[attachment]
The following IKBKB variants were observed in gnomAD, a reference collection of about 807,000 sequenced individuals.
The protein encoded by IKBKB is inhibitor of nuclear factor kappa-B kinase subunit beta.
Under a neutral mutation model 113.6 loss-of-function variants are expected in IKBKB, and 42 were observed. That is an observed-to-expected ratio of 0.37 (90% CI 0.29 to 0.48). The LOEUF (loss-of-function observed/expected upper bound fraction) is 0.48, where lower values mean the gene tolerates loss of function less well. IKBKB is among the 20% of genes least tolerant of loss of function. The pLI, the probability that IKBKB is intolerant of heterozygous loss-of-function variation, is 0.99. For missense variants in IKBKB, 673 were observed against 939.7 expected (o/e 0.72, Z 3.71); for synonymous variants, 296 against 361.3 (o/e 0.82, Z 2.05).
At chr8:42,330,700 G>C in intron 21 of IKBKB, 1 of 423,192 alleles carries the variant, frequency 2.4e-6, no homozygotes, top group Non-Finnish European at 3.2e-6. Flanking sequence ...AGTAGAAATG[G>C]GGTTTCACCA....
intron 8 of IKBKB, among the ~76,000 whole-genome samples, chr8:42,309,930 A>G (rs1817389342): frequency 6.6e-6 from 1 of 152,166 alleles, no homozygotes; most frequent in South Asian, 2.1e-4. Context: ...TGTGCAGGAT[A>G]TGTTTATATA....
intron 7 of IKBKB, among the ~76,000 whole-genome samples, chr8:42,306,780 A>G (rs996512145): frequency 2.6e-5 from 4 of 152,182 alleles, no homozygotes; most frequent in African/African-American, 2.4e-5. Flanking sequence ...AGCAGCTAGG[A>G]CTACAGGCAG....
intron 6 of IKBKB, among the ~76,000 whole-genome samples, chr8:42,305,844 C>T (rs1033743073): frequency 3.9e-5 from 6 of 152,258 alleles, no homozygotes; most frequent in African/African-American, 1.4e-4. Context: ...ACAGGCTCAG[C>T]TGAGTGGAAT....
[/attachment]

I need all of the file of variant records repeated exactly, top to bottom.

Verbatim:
The following IKBKB variants were observed in gnomAD, a reference collection of about 807,000 sequenced individuals.
The protein encoded by IKBKB is inhibitor of nuclear factor kappa-B kinase subunit beta.
Under a neutral mutation model 113.6 loss-of-function variants are expected in IKBKB, and 42 were observed. That is an observed-to-expected ratio of 0.37 (90% CI 0.29 to 0.48). The LOEUF (loss-of-function observed/expected upper bound fraction) is 0.48, where lower values mean the gene tolerates loss of function less well. IKBKB is among the 20% of genes least tolerant of loss of function. The pLI, the probability that IKBKB is intolerant of heterozygous loss-of-function variation, is 0.99. For missense variants in IKBKB, 673 were observed against 939.7 expected (o/e 0.72, Z 3.71); for synonymous variants, 296 against 361.3 (o/e 0.82, Z 2.05).
At chr8:42,330,700 G>C in intron 21 of IKBKB, 1 of 423,192 alleles carries the variant, frequency 2.4e-6, no homozygotes, top group Non-Finnish European at 3.2e-6. Flanking sequence ...AGTAGAAATG[G>C]GGTTTCACCA....
intron 8 of IKBKB, among the ~76,000 whole-genome samples, chr8:42,309,930 A>G (rs1817389342): frequency 6.6e-6 from 1 of 152,166 alleles, no homozygotes; most frequent in South Asian, 2.1e-4. Context: ...TGTGCAGGAT[A>G]TGTTTATATA....
intron 7 of IKBKB, among the ~76,000 whole-genome samples, chr8:42,306,780 A>G (rs996512145): frequency 2.6e-5 from 4 of 152,182 alleles, no homozygotes; most frequent in African/African-American, 2.4e-5. Flanking sequence ...AGCAGCTAGG[A>G]CTACAGGCAG....
intron 6 of IKBKB, among the ~76,000 whole-genome samples, chr8:42,305,844 C>T (rs1033743073): frequency 3.9e-5 from 6 of 152,258 alleles, no homozygotes; most frequent in African/African-American, 1.4e-4. Context: ...ACAGGCTCAG[C>T]TGAGTGGAAT....